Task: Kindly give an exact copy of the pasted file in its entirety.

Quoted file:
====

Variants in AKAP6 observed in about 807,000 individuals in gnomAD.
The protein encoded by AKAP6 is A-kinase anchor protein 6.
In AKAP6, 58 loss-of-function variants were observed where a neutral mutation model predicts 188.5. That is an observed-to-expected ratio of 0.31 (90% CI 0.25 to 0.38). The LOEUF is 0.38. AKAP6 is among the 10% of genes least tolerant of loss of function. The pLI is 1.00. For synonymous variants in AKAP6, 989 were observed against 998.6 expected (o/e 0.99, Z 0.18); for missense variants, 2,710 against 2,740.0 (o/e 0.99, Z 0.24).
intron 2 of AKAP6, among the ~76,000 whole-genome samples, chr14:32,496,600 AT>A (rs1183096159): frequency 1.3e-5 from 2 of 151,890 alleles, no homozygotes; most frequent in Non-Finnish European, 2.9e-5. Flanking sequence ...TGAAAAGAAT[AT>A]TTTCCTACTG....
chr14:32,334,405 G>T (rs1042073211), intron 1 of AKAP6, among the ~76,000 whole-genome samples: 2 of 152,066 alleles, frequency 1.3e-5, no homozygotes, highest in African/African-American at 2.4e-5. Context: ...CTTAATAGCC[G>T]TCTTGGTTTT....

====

Variants in AKAP6 observed in about 807,000 individuals in gnomAD.
The protein encoded by AKAP6 is A-kinase anchor protein 6.
In AKAP6, 58 loss-of-function variants were observed where a neutral mutation model predicts 188.5. That is an observed-to-expected ratio of 0.31 (90% CI 0.25 to 0.38). The LOEUF is 0.38. AKAP6 is among the 10% of genes least tolerant of loss of function. The pLI is 1.00. For synonymous variants in AKAP6, 989 were observed against 998.6 expected (o/e 0.99, Z 0.18); for missense variants, 2,710 against 2,740.0 (o/e 0.99, Z 0.24).
intron 2 of AKAP6, among the ~76,000 whole-genome samples, chr14:32,496,600 AT>A (rs1183096159): frequency 1.3e-5 from 2 of 151,890 alleles, no homozygotes; most frequent in Non-Finnish European, 2.9e-5. Flanking sequence ...TGAAAAGAAT[AT>A]TTTCCTACTG....
chr14:32,334,405 G>T (rs1042073211), intron 1 of AKAP6, among the ~76,000 whole-genome samples: 2 of 152,066 alleles, frequency 1.3e-5, no homozygotes, highest in African/African-American at 2.4e-5. Context: ...CTTAATAGCC[G>T]TCTTGGTTTT....